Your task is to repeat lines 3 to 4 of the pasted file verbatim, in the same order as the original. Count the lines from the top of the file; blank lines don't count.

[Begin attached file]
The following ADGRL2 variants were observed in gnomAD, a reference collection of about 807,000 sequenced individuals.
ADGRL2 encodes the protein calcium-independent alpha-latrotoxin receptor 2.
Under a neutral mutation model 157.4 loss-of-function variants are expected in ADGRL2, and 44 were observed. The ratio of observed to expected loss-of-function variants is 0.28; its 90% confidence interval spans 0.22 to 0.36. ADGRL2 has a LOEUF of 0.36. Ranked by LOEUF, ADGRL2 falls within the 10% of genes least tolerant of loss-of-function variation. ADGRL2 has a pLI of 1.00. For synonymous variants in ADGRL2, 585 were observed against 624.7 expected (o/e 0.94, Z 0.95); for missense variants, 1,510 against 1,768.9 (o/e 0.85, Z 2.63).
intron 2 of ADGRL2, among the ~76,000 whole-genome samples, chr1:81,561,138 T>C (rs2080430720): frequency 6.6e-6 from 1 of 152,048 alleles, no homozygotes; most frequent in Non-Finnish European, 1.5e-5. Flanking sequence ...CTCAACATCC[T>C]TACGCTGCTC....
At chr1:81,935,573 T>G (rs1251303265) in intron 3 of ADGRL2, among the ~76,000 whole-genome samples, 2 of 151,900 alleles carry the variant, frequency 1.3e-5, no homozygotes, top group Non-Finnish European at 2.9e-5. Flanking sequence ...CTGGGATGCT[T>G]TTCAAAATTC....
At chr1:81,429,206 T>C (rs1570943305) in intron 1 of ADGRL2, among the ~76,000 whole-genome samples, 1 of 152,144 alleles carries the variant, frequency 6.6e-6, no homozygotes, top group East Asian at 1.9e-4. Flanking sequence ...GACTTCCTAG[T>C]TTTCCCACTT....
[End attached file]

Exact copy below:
Under a neutral mutation model 157.4 loss-of-function variants are expected in ADGRL2, and 44 were observed. The ratio of observed to expected loss-of-function variants is 0.28; its 90% confidence interval spans 0.22 to 0.36. ADGRL2 has a LOEUF of 0.36. Ranked by LOEUF, ADGRL2 falls within the 10% of genes least tolerant of loss-of-function variation. ADGRL2 has a pLI of 1.00. For synonymous variants in ADGRL2, 585 were observed against 624.7 expected (o/e 0.94, Z 0.95); for missense variants, 1,510 against 1,768.9 (o/e 0.85, Z 2.63).
intron 2 of ADGRL2, among the ~76,000 whole-genome samples, chr1:81,561,138 T>C (rs2080430720): frequency 6.6e-6 from 1 of 152,048 alleles, no homozygotes; most frequent in Non-Finnish European, 1.5e-5. Flanking sequence ...CTCAACATCC[T>C]TACGCTGCTC....